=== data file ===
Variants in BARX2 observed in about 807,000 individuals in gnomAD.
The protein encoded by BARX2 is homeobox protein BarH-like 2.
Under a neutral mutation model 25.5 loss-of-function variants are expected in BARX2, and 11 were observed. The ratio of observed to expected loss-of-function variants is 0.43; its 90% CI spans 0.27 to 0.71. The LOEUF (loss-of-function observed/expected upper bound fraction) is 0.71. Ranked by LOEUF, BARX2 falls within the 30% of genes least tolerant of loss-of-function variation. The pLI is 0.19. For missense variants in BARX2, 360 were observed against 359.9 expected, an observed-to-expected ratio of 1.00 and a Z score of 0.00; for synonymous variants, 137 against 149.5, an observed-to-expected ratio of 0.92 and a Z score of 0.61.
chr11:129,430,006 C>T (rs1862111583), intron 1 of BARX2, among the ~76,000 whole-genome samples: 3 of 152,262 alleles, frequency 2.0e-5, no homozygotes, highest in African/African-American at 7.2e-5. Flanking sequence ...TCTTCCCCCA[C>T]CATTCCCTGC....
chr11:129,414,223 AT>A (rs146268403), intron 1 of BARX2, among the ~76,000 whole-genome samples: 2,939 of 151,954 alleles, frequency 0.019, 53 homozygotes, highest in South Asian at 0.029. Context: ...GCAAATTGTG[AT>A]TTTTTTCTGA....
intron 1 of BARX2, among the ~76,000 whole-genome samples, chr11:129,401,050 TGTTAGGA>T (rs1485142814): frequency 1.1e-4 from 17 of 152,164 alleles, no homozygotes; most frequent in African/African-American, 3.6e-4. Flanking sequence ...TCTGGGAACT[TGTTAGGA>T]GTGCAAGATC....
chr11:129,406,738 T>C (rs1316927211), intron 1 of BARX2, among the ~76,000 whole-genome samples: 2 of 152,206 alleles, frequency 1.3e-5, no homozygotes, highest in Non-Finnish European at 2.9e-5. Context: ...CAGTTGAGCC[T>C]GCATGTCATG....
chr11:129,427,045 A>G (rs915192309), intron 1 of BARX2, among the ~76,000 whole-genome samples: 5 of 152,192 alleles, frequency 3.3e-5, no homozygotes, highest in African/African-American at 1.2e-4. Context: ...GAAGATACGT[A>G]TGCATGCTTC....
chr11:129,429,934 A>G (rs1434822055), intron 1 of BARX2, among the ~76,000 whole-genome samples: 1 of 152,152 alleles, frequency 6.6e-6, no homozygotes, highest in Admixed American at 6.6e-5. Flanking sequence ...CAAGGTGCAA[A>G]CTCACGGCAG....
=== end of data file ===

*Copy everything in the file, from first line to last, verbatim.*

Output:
Variants in BARX2 observed in about 807,000 individuals in gnomAD.
The protein encoded by BARX2 is homeobox protein BarH-like 2.
Under a neutral mutation model 25.5 loss-of-function variants are expected in BARX2, and 11 were observed. The ratio of observed to expected loss-of-function variants is 0.43; its 90% CI spans 0.27 to 0.71. The LOEUF (loss-of-function observed/expected upper bound fraction) is 0.71. Ranked by LOEUF, BARX2 falls within the 30% of genes least tolerant of loss-of-function variation. The pLI is 0.19. For missense variants in BARX2, 360 were observed against 359.9 expected, an observed-to-expected ratio of 1.00 and a Z score of 0.00; for synonymous variants, 137 against 149.5, an observed-to-expected ratio of 0.92 and a Z score of 0.61.
chr11:129,430,006 C>T (rs1862111583), intron 1 of BARX2, among the ~76,000 whole-genome samples: 3 of 152,262 alleles, frequency 2.0e-5, no homozygotes, highest in African/African-American at 7.2e-5. Flanking sequence ...TCTTCCCCCA[C>T]CATTCCCTGC....
chr11:129,414,223 AT>A (rs146268403), intron 1 of BARX2, among the ~76,000 whole-genome samples: 2,939 of 151,954 alleles, frequency 0.019, 53 homozygotes, highest in South Asian at 0.029. Context: ...GCAAATTGTG[AT>A]TTTTTTCTGA....
intron 1 of BARX2, among the ~76,000 whole-genome samples, chr11:129,401,050 TGTTAGGA>T (rs1485142814): frequency 1.1e-4 from 17 of 152,164 alleles, no homozygotes; most frequent in African/African-American, 3.6e-4. Flanking sequence ...TCTGGGAACT[TGTTAGGA>T]GTGCAAGATC....
chr11:129,406,738 T>C (rs1316927211), intron 1 of BARX2, among the ~76,000 whole-genome samples: 2 of 152,206 alleles, frequency 1.3e-5, no homozygotes, highest in Non-Finnish European at 2.9e-5. Context: ...CAGTTGAGCC[T>C]GCATGTCATG....
chr11:129,427,045 A>G (rs915192309), intron 1 of BARX2, among the ~76,000 whole-genome samples: 5 of 152,192 alleles, frequency 3.3e-5, no homozygotes, highest in African/African-American at 1.2e-4. Context: ...GAAGATACGT[A>G]TGCATGCTTC....
chr11:129,429,934 A>G (rs1434822055), intron 1 of BARX2, among the ~76,000 whole-genome samples: 1 of 152,152 alleles, frequency 6.6e-6, no homozygotes, highest in Admixed American at 6.6e-5. Flanking sequence ...CAAGGTGCAA[A>G]CTCACGGCAG....